Florida Governor Ron DeSantis has instructed state lawmakers to consider repealing the governance structure of Disney World, a decades-old agreement with the state, ratcheting up Republican backlash against the Walt Disney Company for its public opposition to the which opponents have called “Don’t say gay”. law.
The governor expanded the scope of a special legislative session on the state’s redistricting plans to also consider the “termination of all special districts that were enacted in Florida prior to 1968,” he announced.
The creation of the Reedy Creek Improvement District in 1967 followed negotiations between Disney leaders and Florida legislators for a community development district encompassing the Lake Buena Vista parcel where Disney operated.
It encompasses two counties and 25,000 acres for the six parks and resorts, and the district government oversees the area’s land use and public services, including water, sanitation, emergency medical and fire protection, as well as maintenance of roads and bridges.
If the district is revoked, the Disney properties could come under the authority of the county government under the state.
the independent has solicited feedback from Disney
The “Parents’ Rights in Education Act” prohibits “sexual orientation or gender identity” instruction from kindergarten through third grade and any discussion “that is not appropriate for the age or development of students ” in other grades.
The broadly drafted law, the subject of a federal lawsuit alleging violations of federal anti-discrimination statutes, could freeze classroom speech involving LGBT+ people and issues, from civil rights history lessons to discussions of LGBT+ students, staff schoolchildren and their families, according to opponents.
After weeks of prodding from LGBT+ advocates and employees, Disney CEO Bob Chapek announced his opposition to the bill and vowed to suspend his political donations in the state.
Campaign documents reported by the independent revealed that Disney entities donated tens of thousands of dollars to Florida lawmakers who supported the law, including at least $50,000 to a political action committee supporting the governor’s re-election campaign.
In a March 11 memo, Chapek admitted that Disney had not done enough to oppose the bill and vowed to “fight similar laws in other states.”
Governor DeSantis and members of his administration lashed out at the company, sparking a dispute that turned into Republican threats to punish its operations in the state.
In a statement, Disney said the bill “should never have been passed and should never have become law.”
“Our goal as a company is to have this law repealed by the legislature or struck down by the courts, and we remain committed to supporting state and national organizations working to achieve this,” the company said on March 28, when the governor signed the bill.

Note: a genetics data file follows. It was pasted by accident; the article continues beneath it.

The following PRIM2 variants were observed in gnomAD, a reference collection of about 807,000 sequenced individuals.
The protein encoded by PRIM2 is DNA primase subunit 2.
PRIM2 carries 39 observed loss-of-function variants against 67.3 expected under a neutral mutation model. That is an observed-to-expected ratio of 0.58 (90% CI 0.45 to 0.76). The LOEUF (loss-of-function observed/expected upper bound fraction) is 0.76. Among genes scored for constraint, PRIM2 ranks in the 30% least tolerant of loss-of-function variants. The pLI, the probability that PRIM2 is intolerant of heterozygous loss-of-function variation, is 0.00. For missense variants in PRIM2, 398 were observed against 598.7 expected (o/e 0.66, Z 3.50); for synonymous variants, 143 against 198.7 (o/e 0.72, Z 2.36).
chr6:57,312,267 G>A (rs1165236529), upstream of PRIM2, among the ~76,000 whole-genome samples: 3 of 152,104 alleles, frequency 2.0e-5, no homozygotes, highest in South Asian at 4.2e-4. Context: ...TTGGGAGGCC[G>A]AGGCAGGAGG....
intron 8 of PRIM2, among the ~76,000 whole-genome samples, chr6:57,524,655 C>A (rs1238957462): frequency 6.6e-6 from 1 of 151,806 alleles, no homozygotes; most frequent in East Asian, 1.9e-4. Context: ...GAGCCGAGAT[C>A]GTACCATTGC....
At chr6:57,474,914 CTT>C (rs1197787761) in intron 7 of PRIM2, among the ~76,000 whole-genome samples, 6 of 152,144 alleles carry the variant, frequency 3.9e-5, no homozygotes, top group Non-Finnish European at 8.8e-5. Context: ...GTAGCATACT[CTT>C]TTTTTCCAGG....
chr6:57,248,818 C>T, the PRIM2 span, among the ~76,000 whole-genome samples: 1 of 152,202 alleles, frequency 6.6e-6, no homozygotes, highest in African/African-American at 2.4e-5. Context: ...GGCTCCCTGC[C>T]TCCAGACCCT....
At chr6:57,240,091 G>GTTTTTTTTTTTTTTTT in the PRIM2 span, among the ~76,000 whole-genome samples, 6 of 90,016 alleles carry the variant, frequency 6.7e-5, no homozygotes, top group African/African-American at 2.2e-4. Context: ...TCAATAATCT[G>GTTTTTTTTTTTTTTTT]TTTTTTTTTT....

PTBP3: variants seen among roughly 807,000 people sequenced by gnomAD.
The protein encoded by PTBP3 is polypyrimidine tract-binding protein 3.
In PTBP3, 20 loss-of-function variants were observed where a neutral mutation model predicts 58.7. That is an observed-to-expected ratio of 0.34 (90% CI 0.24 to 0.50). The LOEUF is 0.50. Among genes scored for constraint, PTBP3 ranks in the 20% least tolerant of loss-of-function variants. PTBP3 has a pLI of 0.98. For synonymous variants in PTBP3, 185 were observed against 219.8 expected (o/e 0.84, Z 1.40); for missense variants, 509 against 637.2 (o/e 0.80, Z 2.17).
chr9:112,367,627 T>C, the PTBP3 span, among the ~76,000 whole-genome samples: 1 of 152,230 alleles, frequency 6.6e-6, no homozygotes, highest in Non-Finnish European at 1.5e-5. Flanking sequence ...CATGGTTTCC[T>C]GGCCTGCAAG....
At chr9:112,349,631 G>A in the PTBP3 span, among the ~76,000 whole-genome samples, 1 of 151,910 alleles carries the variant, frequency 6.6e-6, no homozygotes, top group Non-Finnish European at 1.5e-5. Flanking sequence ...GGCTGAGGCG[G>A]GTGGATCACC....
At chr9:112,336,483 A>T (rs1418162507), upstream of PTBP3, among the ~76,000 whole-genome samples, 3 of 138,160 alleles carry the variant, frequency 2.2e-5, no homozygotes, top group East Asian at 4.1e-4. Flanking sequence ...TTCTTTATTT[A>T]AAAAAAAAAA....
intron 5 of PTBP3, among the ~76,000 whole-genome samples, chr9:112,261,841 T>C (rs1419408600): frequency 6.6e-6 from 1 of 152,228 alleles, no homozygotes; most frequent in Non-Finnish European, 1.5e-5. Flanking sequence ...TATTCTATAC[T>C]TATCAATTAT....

Two days later, Florida State Representative Spencer Roach said a group of state lawmakers had met at least twice to discuss possible changes to city government deals affecting Disney in retaliation for what he called the “ideology of wake up” from the company.
“Yesterday was the second meeting in a week with fellow legislators to discuss the repeal of the Reedy Creek Improvements Act of 1967, which allows Disney to act as its own government,” he tweeted on March 30. “If Disney wants to embrace the ‘awakening’ ideology, it seems appropriate for Orange County to regulate them.”
On April 19, Republican State Rep. Randy Fine introduced House Bill 3C, the “Special Independent Districts” bill. A companion measure, Senate Bill 4C, was introduced in the state Senate.
“Disney is a guest in Florida,” Rep. Fine said on Twitter. “Today, we remember them.”
The company is likely well prepared for a political battle in the state capital, with dozens of lobbyists in Tallahassee, though it’s unclear how Disney will fare if the governance structure under which its parks have operated for decades is taken over. by neighboring counties, or whether those counties and the taxpayers who live within them will pay for services now controlled by Disney.
Governor DeSantis also wants to review legislation he signed into law in 2021 that limits how social media platforms and web services can remove users, including a ban on suspending posts from political figures, in the wake of Donald Trump’s removal from Twitter. He also included a provision that makes an exception for “a company that owns and operates a theme park or entertainment complex,” such as Disney.
He claimed last month that the Disney clause was a “last minute” addition meant to “solely protect” the company, “and I opposed that when it happened.”
His own administration, however, helped create that likes of Disney in response to requests from the company, according to emails obtained by the Seeking Rents newsletter.
A federal judge struck down the law last June.